As he emphasizes, the first process in Burns' Herculean overhaul demands a reinvigoration of diplomatic core skills. In previous decades, with the backdrop of presumed post-Cold War American hegemony, the State Department “tended to oversell the merits of diplomats as social workers and undersell the core roles of diplomats in hammering out the best relations we could.[5]” First and foremost, diplomats “have to be endlessly adaptable - quick to adjust to the unexpected, massage the anxieties of allies and partners, maneuver past adversaries, and manage change rather than be paralyzed by it.[6]” Burns emphasizes the need for innovation: “updating our knowledge and skills is a critical factor in molding a new diplomatic doctrine…[which] also means making State a more dextrous institution…the State Department is rarely accused of being too agile.[7]” Burns rightly emphasizes the balancing act between going back to reinforce core skills, and going forward with innovation.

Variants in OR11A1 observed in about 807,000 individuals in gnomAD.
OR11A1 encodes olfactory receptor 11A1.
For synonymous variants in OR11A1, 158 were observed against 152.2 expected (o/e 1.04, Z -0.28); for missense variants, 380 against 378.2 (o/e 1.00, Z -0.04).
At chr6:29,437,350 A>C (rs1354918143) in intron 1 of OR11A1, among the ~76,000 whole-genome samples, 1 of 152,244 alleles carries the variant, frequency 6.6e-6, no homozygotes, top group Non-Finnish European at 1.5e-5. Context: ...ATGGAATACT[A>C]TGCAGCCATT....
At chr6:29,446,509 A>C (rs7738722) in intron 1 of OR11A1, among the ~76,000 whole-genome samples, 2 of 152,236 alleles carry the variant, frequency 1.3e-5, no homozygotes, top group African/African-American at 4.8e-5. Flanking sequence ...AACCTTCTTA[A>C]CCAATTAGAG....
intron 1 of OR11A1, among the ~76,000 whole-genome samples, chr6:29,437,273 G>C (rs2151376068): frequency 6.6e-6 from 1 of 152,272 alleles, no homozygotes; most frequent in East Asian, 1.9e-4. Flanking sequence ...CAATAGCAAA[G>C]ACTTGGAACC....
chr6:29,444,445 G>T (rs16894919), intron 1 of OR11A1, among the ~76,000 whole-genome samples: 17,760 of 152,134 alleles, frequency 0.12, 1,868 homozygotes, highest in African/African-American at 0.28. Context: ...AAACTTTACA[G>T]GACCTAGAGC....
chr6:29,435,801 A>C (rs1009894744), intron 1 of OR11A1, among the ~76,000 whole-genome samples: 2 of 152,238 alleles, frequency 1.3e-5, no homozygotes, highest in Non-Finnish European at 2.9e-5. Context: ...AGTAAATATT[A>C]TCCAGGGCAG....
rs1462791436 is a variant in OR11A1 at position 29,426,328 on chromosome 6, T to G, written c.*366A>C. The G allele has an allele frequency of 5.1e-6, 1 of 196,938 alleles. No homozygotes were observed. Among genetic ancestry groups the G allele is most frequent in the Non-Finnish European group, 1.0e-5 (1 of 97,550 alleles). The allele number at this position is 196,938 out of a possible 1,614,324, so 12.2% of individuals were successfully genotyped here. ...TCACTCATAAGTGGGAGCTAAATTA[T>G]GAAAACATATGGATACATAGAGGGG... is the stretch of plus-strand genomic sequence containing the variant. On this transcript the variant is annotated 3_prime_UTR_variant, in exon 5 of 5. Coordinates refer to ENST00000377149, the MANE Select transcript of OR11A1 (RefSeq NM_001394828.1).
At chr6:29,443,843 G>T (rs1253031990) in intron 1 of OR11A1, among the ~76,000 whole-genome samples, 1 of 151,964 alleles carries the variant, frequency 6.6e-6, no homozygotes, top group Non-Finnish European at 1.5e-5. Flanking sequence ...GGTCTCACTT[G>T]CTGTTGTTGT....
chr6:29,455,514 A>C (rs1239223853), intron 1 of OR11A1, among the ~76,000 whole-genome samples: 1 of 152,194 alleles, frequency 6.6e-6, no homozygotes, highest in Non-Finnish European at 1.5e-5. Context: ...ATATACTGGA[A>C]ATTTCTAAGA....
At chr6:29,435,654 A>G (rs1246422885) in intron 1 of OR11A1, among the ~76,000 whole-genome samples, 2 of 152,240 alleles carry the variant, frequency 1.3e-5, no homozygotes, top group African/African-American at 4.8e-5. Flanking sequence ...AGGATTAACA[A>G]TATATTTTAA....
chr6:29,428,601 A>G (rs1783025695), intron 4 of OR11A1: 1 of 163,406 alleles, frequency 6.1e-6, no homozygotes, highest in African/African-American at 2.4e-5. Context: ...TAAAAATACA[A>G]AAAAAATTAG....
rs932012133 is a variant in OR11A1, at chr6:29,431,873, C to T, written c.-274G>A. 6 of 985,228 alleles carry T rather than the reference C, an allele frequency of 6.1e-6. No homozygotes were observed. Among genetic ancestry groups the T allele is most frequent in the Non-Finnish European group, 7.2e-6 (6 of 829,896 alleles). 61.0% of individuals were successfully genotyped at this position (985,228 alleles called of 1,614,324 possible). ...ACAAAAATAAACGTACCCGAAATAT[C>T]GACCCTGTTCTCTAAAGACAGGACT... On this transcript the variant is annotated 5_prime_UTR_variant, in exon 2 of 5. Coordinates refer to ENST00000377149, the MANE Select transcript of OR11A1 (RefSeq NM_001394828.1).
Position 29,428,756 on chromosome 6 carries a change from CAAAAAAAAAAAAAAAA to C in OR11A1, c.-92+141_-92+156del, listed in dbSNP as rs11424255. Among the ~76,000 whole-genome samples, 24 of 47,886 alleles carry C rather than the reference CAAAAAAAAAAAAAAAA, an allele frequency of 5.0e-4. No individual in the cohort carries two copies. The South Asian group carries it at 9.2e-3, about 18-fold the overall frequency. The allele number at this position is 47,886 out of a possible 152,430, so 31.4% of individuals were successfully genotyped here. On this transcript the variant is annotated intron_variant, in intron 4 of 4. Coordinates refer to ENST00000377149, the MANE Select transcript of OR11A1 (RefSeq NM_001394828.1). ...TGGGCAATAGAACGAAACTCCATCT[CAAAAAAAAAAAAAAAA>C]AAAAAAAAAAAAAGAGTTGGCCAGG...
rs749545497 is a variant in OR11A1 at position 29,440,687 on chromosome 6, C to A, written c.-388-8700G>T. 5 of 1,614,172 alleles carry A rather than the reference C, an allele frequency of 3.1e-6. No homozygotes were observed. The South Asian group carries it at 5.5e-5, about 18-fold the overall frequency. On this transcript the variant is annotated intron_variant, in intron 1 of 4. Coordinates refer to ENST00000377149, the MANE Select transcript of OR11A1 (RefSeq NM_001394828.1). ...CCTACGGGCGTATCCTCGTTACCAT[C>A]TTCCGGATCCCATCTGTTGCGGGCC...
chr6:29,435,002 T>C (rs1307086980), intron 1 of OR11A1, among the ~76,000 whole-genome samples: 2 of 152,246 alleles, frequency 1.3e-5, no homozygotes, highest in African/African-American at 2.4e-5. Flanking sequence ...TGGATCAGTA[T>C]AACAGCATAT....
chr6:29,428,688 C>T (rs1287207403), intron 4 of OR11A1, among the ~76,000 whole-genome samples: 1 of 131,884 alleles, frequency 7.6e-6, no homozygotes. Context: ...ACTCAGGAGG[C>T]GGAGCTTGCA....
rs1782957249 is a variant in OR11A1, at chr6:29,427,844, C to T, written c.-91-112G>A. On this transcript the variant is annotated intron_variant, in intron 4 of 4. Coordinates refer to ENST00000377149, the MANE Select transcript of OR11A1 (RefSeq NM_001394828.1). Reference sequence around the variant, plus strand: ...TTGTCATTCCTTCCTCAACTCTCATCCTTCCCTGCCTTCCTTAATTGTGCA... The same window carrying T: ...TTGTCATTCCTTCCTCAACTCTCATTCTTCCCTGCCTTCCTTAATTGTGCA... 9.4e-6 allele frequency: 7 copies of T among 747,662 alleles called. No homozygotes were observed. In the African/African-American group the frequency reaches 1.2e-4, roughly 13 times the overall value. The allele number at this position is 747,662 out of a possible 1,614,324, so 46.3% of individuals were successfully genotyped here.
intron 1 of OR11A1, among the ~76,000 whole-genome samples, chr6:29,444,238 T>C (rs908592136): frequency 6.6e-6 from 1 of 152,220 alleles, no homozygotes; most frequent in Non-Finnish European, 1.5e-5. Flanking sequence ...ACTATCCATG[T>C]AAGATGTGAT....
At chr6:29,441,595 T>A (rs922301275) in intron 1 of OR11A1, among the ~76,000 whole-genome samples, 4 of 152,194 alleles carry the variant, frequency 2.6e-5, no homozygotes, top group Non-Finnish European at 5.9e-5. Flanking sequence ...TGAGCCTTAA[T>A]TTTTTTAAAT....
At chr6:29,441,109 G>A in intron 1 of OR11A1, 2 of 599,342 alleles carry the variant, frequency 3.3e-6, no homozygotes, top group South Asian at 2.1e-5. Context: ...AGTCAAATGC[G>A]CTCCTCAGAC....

American spies work out of embassies. This fact alone necessitates close understanding between the worlds of diplomacy and espionage. Just as diplomacy is “a business of human relationships,[8]” so too is espionage,[9] since “sources are the lifeblood of an intelligence service.[10]” Diplomacy is likewise useful in espionage itself, in order to avoid “lack of access” problems, such as the refusal of a CIA director to meet with their Colombian counterpart during the 1990s.[11] In order to avoid problems of strategic inflexibility such as this example, Burns’ core tenet of effectiveness requires “defining a strategy for a changing international landscape, and America's pivotal role… that strategy will require a new compact on diplomacy, one that reinvests in diplomacy's core functions and roles, [and] adapts smartly to new challenges and realities.[12]” Burns consistently underscores that this new paradigm involves both innovation and cooperation with other American assets, not only changes within the State Department.